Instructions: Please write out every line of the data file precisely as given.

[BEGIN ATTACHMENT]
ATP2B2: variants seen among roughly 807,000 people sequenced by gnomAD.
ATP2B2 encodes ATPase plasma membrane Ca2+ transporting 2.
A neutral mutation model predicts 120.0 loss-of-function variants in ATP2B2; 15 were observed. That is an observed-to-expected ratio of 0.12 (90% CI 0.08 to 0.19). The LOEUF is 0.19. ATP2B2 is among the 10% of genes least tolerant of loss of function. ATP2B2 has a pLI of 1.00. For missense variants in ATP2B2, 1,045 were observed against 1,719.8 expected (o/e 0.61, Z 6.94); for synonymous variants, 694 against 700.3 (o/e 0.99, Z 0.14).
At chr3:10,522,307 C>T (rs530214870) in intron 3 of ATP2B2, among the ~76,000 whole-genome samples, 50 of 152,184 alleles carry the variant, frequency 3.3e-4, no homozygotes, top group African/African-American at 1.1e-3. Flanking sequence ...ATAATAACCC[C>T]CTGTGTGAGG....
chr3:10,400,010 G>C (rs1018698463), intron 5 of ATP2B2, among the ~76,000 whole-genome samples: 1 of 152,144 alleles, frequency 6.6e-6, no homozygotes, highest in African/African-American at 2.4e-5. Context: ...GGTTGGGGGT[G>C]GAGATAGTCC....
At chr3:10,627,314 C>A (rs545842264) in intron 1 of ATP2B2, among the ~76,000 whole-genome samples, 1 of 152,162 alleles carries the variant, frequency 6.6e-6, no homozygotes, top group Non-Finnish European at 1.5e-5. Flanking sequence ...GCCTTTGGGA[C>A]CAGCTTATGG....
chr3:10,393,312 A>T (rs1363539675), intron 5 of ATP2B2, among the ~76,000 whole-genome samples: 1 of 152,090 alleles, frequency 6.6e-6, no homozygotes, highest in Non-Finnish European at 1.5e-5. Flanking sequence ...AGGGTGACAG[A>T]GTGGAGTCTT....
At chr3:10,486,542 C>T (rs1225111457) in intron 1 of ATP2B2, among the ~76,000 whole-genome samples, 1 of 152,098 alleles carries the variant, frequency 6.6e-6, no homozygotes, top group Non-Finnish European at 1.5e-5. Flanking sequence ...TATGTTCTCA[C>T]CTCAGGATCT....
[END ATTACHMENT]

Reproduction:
ATP2B2: variants seen among roughly 807,000 people sequenced by gnomAD.
ATP2B2 encodes ATPase plasma membrane Ca2+ transporting 2.
A neutral mutation model predicts 120.0 loss-of-function variants in ATP2B2; 15 were observed. That is an observed-to-expected ratio of 0.12 (90% CI 0.08 to 0.19). The LOEUF is 0.19. ATP2B2 is among the 10% of genes least tolerant of loss of function. ATP2B2 has a pLI of 1.00. For missense variants in ATP2B2, 1,045 were observed against 1,719.8 expected (o/e 0.61, Z 6.94); for synonymous variants, 694 against 700.3 (o/e 0.99, Z 0.14).
At chr3:10,522,307 C>T (rs530214870) in intron 3 of ATP2B2, among the ~76,000 whole-genome samples, 50 of 152,184 alleles carry the variant, frequency 3.3e-4, no homozygotes, top group African/African-American at 1.1e-3. Flanking sequence ...ATAATAACCC[C>T]CTGTGTGAGG....
chr3:10,400,010 G>C (rs1018698463), intron 5 of ATP2B2, among the ~76,000 whole-genome samples: 1 of 152,144 alleles, frequency 6.6e-6, no homozygotes, highest in African/African-American at 2.4e-5. Context: ...GGTTGGGGGT[G>C]GAGATAGTCC....
At chr3:10,627,314 C>A (rs545842264) in intron 1 of ATP2B2, among the ~76,000 whole-genome samples, 1 of 152,162 alleles carries the variant, frequency 6.6e-6, no homozygotes, top group Non-Finnish European at 1.5e-5. Flanking sequence ...GCCTTTGGGA[C>A]CAGCTTATGG....
chr3:10,393,312 A>T (rs1363539675), intron 5 of ATP2B2, among the ~76,000 whole-genome samples: 1 of 152,090 alleles, frequency 6.6e-6, no homozygotes, highest in Non-Finnish European at 1.5e-5. Flanking sequence ...AGGGTGACAG[A>T]GTGGAGTCTT....
At chr3:10,486,542 C>T (rs1225111457) in intron 1 of ATP2B2, among the ~76,000 whole-genome samples, 1 of 152,098 alleles carries the variant, frequency 6.6e-6, no homozygotes, top group Non-Finnish European at 1.5e-5. Flanking sequence ...TATGTTCTCA[C>T]CTCAGGATCT....